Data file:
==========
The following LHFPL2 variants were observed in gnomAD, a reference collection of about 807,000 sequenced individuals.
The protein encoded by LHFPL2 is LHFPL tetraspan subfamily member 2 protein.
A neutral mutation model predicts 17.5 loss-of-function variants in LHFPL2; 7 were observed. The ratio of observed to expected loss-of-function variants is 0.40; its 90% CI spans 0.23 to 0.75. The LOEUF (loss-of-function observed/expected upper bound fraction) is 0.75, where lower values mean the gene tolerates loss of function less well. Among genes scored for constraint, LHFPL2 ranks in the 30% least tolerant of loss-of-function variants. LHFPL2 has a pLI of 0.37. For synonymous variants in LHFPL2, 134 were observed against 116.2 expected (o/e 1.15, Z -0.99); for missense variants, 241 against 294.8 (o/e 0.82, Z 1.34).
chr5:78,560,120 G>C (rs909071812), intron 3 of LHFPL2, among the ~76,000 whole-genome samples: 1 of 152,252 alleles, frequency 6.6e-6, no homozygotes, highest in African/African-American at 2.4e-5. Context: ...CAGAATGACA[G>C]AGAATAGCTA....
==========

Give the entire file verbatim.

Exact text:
The following LHFPL2 variants were observed in gnomAD, a reference collection of about 807,000 sequenced individuals.
The protein encoded by LHFPL2 is LHFPL tetraspan subfamily member 2 protein.
A neutral mutation model predicts 17.5 loss-of-function variants in LHFPL2; 7 were observed. The ratio of observed to expected loss-of-function variants is 0.40; its 90% CI spans 0.23 to 0.75. The LOEUF (loss-of-function observed/expected upper bound fraction) is 0.75, where lower values mean the gene tolerates loss of function less well. Among genes scored for constraint, LHFPL2 ranks in the 30% least tolerant of loss-of-function variants. LHFPL2 has a pLI of 0.37. For synonymous variants in LHFPL2, 134 were observed against 116.2 expected (o/e 1.15, Z -0.99); for missense variants, 241 against 294.8 (o/e 0.82, Z 1.34).
chr5:78,560,120 G>C (rs909071812), intron 3 of LHFPL2, among the ~76,000 whole-genome samples: 1 of 152,252 alleles, frequency 6.6e-6, no homozygotes, highest in African/African-American at 2.4e-5. Context: ...CAGAATGACA[G>C]AGAATAGCTA....